Honors

  • APS Outstanding Referee Award 2008 (2009)
  • Optical Society of America R. W. Wood Prize (2009) (2009)
  • Young Scholar Award (3rd place), Amazing Light competition (2005)
  • Fellow, Optical Society of America (2005)
  • J. David Murley Milestone Award for Outstanding Achievements in Quantum Cryptography (2004)
  • Descartes Prize (2004)
  • Fellow, American Physical Society (2002)
  • Bardeen Chair, Dept. of Physics, Univ. of Illinois (2001-present)
  • Los Alamos National Laboratory Fellows Prize (1999)

Semesters Ranked Excellent Teacher by Students

SemesterCourseOutstanding
Fall 2013PHYS 214
Spring 2004PHYS 112
Spring 2003PHYS 498
Spring 2001PHYS 498

Teaching Statement

My intent is to motivate students to care about these topics (e.g., electricity and magnetism, and thermal physics), by showing the ubiquitous application to our everyday lives, in addition to cutting edge technologies.

Selected Articles in Journals

Related news

  • Outreach
  • Quantum Information Science
  • Atomic, Molecular, and Optical Physics
  • Quantum Physics
  • Quantum Computing

A two-day summit in Chicago taking place November 8 and 9 has brought together leading experts in quantum information science to advance U.S. efforts in what’s been called the next technological “space race”—and to position Illinois at the forefront of that race. The inaugural Chicago Quantum Summit, hosted by the Chicago Quantum Exchange, includes high-level representation from Microsoft, IBM, Alphabet Inc.’s Google, the National Science Foundation, the U.S. Department of Energy, the U.S. Department of Defense, and the National Institute of Standards and Technology.

The University of Illinois at Urbana-Champaign recently joined the Chicago Quantum Exchange as a core member, making it one of the largest quantum information science (QIS) collaborations in the world. The exchange was formed last year as an alliance between the University of Chicago and the two Illinois-based national laboratories, Argonne and Fermilab.

Representing the U of I at the summit are physics professors Brian DeMarco, Paul Kwiat, and Dale Van Harlingen, who are key players in the planned Illinois Quantum Information Science and Technology Center (IQUIST) on the U of I campus. The U of I news bureau announced last week the university’s $15-million commitment to the new center, which will form a collaboration of physicists, engineers, and computer scientists to develop new algorithms, materials, and devices to advance QIS.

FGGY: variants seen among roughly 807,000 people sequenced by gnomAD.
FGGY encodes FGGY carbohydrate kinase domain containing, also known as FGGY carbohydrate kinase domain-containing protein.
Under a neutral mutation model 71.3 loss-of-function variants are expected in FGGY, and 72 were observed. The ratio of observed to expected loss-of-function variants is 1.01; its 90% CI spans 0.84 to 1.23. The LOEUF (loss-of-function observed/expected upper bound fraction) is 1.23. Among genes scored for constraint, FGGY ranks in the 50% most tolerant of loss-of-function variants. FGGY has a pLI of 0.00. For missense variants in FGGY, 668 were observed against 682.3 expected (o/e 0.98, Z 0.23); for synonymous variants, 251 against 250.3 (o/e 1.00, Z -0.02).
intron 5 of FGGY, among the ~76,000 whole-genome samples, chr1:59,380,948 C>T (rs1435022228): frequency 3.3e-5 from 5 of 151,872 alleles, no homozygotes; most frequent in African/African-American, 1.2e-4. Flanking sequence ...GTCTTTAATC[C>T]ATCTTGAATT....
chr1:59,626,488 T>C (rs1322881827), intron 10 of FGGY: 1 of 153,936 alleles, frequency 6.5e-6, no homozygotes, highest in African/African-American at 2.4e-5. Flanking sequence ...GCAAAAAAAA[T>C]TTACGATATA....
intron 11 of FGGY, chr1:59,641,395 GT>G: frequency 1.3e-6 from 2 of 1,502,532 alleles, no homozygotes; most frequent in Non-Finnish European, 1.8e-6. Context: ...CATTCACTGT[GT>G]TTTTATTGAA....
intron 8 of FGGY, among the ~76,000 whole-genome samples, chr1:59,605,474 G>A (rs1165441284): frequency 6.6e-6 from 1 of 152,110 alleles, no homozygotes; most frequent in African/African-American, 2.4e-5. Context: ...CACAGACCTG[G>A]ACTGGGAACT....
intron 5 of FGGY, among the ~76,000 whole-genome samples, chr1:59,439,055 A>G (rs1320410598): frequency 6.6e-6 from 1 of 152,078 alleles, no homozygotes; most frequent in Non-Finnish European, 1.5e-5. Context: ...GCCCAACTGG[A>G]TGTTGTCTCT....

• Research
  • Quantum Information Science
  • Atomic, Molecular, and Optical Physics

The University of Illinois at Urbana-Champaign is making a $15 million investment in the emerging area of quantum information science and engineering, a field poised to revolutionize computing, communication, security, measurement and sensing by utilizing the unique and powerful capabilities of quantum mechanics.

  • In the Media

Paul Kwiat asks his volunteers to sit inside a small, dark room. As their eyes adjust to the lack of light, each volunteer props his or her head on a chin rest—as you would at an optometrist’s—and gazes with one eye at a dim red cross. On either side of the cross is an optical fiber, positioned to pipe a single photon of light at either the left or the right side of a volunteer’s eye.

Even as he verifies the human eye’s ability to detect single photons, Kwiat, an experimental quantum physicist at the University of Illinois at Urbana–Champaign, and his colleagues are setting their sights higher: to use human vision to probe the very foundations of quantum mechanics, according to a paper they submitted to the preprint server arXiv on June 21.

  • Outreach

LabEscape is calling all agents back to the lab to solve the continuing mystery of the disappearance of Professor Schrödenberg, a University of Illinois physicist who developed a top-secret quantum computer that can crack any digital-security encryption code in the world. Once again, it’s up to you and your team to save the free world from evil forces plotting its destruction, and you have precisely 60 minutes to do it. Mysterious circumstances and new intelligence have reopened this investigation—unhackable messages were hacked three days ago, there are power surges coming from Dr. S’s abandoned secret lab, and her missing technology and a hard drive that were lost before her disappearance have now resurfaced.

LabEscape, a science-themed escape room at Lincoln Square Mall in Urbana, first opened in January 2017. Paul Kwiat, a physics professor at the University of Illinois at Urbana-Champaign, initiated the nonprofit LabEscape project two years ago as a community outreach effort, with the goal of showing that science can be fun, beautiful, useful, and accessible to all.